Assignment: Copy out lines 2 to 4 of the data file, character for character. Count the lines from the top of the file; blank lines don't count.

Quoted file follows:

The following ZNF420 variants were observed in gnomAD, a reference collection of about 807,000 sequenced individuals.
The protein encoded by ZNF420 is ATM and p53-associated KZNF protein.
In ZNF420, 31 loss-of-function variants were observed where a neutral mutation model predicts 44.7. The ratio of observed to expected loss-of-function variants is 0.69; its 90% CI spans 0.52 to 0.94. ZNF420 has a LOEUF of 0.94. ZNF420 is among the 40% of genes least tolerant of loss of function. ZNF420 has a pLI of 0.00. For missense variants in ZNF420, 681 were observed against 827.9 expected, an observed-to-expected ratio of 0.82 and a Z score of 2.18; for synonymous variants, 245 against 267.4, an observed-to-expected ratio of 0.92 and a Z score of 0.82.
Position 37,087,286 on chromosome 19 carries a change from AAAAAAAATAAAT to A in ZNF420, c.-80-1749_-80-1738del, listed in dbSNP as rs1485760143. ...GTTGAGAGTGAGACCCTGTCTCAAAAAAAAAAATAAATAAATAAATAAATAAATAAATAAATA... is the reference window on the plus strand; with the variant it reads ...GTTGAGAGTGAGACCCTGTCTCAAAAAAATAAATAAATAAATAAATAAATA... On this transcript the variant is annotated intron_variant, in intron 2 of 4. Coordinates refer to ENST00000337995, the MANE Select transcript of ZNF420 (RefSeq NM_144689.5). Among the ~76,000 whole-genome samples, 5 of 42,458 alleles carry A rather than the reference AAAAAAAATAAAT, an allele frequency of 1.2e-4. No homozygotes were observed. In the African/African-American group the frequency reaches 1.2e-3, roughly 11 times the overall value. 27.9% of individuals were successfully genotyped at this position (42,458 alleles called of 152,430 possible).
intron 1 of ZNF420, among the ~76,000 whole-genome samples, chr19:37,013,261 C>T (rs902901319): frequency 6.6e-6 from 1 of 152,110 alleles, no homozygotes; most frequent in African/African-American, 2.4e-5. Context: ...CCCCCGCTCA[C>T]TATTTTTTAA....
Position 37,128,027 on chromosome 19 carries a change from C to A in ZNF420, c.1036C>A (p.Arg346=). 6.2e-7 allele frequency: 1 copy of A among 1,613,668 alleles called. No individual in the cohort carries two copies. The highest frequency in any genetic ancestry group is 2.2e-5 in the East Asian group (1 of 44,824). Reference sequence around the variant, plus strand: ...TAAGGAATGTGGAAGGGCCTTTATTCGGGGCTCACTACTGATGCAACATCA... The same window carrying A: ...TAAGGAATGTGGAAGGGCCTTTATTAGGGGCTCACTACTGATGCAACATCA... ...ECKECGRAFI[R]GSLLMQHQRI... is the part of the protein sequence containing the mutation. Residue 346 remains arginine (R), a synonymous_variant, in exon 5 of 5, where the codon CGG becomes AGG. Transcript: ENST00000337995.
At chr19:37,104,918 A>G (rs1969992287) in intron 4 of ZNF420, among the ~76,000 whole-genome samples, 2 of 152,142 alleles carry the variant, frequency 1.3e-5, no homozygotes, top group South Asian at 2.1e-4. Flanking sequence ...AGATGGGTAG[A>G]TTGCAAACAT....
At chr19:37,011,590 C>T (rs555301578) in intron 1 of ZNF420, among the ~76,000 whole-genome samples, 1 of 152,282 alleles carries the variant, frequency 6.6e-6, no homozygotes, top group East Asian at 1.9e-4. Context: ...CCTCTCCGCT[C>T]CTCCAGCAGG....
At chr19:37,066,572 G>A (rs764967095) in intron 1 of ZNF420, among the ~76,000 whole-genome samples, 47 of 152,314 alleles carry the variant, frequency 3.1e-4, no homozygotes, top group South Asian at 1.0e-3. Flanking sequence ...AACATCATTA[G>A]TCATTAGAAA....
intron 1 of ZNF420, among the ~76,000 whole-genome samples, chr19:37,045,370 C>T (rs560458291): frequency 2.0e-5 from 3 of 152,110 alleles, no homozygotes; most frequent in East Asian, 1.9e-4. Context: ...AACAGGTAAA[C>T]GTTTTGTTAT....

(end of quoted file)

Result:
The protein encoded by ZNF420 is ATM and p53-associated KZNF protein.
In ZNF420, 31 loss-of-function variants were observed where a neutral mutation model predicts 44.7. The ratio of observed to expected loss-of-function variants is 0.69; its 90% CI spans 0.52 to 0.94. ZNF420 has a LOEUF of 0.94. ZNF420 is among the 40% of genes least tolerant of loss of function. ZNF420 has a pLI of 0.00. For missense variants in ZNF420, 681 were observed against 827.9 expected, an observed-to-expected ratio of 0.82 and a Z score of 2.18; for synonymous variants, 245 against 267.4, an observed-to-expected ratio of 0.92 and a Z score of 0.82.
Position 37,087,286 on chromosome 19 carries a change from AAAAAAAATAAAT to A in ZNF420, c.-80-1749_-80-1738del, listed in dbSNP as rs1485760143. ...GTTGAGAGTGAGACCCTGTCTCAAAAAAAAAAATAAATAAATAAATAAATAAATAAATAAATA... is the reference window on the plus strand; with the variant it reads ...GTTGAGAGTGAGACCCTGTCTCAAAAAAATAAATAAATAAATAAATAAATA... On this transcript the variant is annotated intron_variant, in intron 2 of 4. Coordinates refer to ENST00000337995, the MANE Select transcript of ZNF420 (RefSeq NM_144689.5). Among the ~76,000 whole-genome samples, 5 of 42,458 alleles carry A rather than the reference AAAAAAAATAAAT, an allele frequency of 1.2e-4. No homozygotes were observed. In the African/African-American group the frequency reaches 1.2e-3, roughly 11 times the overall value. 27.9% of individuals were successfully genotyped at this position (42,458 alleles called of 152,430 possible).